The European Commission-backed Data for Road Safety initiative, today announced that it is aiming for the long-term deployment of a Safety-Related Traffic Information (SRTI) ecosystem which will warn drivers about dangerous driving conditions.

The announcement has been marked with the signing of a multi-party agreement (MPA) in which automobile manufacturers, automotive suppliers, road traffic authorities, EU member states and location technology providers commit to the long-term exchange of safety data in order to make roads safer.

The agreement, which has a duration of five years, defines the technical and organisational framework of how safety data from multiple brands and multiple countries can be made accessible and used within the SRTI eco-system in a fair and trustworthy manner. It also defines the roles and responsibilities along the SRTI value chain. The SRTI ecosystem is based on a reciprocity model – with safety data being offered in return for safety services.

Already now, many vehicles are equipped with the latest technologies that detect dangerous road conditions and warn drivers — for example, when roads are slippery. Road operators can detect potential danger areas with their comprehensive infrastructure. However, these warnings are beneficial to other drivers and road operators – and the Data for Road Safety members believe that, regardless of which car brand or navigation application is used, all drivers across Europe should have access to a consistent minimum set of safety information that can help them make better informed decisions, thereby saving many lives.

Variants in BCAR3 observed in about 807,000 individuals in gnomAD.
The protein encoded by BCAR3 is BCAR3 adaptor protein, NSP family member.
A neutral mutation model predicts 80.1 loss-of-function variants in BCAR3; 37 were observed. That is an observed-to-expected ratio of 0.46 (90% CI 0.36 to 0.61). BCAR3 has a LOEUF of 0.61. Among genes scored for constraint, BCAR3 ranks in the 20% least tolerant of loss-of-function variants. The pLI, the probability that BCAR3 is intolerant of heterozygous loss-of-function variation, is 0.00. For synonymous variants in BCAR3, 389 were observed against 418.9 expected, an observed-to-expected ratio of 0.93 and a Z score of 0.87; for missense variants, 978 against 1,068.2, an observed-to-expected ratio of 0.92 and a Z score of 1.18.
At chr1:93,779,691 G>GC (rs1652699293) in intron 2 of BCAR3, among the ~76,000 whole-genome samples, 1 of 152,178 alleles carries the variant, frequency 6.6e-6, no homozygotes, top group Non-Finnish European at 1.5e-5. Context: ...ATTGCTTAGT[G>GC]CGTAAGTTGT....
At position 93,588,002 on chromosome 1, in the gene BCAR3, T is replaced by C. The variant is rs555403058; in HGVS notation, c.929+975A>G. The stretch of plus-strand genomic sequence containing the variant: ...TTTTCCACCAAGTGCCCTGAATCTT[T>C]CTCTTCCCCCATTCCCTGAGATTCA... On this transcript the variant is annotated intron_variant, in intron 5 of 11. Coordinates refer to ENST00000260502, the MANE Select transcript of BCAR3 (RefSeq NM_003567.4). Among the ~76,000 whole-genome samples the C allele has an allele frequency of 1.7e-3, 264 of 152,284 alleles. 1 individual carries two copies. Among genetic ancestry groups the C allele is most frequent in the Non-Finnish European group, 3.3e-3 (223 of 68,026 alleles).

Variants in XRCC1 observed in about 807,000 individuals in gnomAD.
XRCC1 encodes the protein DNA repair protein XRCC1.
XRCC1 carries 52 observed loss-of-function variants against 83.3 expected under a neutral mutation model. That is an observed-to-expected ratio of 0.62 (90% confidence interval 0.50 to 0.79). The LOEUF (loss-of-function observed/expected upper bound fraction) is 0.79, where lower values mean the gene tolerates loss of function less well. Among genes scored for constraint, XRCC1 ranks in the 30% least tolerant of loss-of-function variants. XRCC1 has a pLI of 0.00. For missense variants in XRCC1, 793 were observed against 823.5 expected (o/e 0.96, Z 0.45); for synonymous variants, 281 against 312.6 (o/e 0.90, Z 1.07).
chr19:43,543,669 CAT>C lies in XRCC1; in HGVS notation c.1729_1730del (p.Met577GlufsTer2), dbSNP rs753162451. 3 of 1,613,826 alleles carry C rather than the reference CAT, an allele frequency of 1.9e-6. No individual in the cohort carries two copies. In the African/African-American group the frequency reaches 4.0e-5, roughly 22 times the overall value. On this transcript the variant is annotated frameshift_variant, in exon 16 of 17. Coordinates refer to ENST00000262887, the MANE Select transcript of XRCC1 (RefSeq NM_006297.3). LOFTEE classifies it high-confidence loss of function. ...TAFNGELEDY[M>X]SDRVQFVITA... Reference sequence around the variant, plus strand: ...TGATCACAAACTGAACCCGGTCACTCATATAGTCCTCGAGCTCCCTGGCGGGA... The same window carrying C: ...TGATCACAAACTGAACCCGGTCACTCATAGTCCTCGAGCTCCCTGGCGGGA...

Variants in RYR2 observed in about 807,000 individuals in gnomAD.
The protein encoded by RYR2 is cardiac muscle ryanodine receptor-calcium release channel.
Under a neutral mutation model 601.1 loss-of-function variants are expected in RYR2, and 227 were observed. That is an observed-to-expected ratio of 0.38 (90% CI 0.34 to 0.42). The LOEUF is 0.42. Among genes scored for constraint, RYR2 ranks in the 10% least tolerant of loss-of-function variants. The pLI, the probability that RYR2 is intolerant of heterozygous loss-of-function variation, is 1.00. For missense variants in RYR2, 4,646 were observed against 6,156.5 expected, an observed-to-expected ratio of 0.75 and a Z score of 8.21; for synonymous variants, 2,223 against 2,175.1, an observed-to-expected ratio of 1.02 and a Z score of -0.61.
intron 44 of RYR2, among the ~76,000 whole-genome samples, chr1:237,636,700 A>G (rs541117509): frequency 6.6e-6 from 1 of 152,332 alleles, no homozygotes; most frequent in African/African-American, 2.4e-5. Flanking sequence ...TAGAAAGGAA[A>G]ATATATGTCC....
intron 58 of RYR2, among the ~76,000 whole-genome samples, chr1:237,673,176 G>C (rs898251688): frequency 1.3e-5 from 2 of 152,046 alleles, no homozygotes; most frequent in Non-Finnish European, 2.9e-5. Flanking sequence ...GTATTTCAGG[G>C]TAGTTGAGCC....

Between June 2019 and October 2020, members of the Data for Road Safety partnership took the first step towards a harmonised exchange of safety-related data by conducting a proof of concept (PoC) test of a decentralised data collaboration architecture. During the PoC, tens of millions of messages were provided to the ecosystem. Vehicles demonstrated that they are able to produce data for five of the eight SRTI categories of EU Regulation 886/2013 (unprotected accident area, broken down vehicle, temporary slippery road, reduced visibility and exceptional weather conditions).

Making this SRTI available has already had positive effect on road safety in Europe. For example, it helped accelerate the deployment of emergency services and vehicle-recovery companies by public authorities. Indeed, the exact location of vehicle crashes and broken-down vehicles was shared with service providers within seconds, who were then able to issue warnings to other road users.

The European Automobile Manufacturers’ Association (ACEA) succeeds the Dutch Ministry of Infrastructure and Water Management as Chair of the initiative.

If Europe wants to significantly improve road safety for all road users, all players in the SRTI value chain need to get involved. Wide-scale participation is absolutely necessary to ensure there is the critical mass of safety data required to make comprehensive SRTI services a reality. Hence, Data for Road Safety is launching a call for more stakeholders to join the SRTI ecosystem and contribute to further improving road safety in Europe.

Membership is open to all willing and relevant actors in the SRTI domain and subject to the approval of the General Assembly chair. Prospective members can visit www.dataforroadsafety.eu for more details.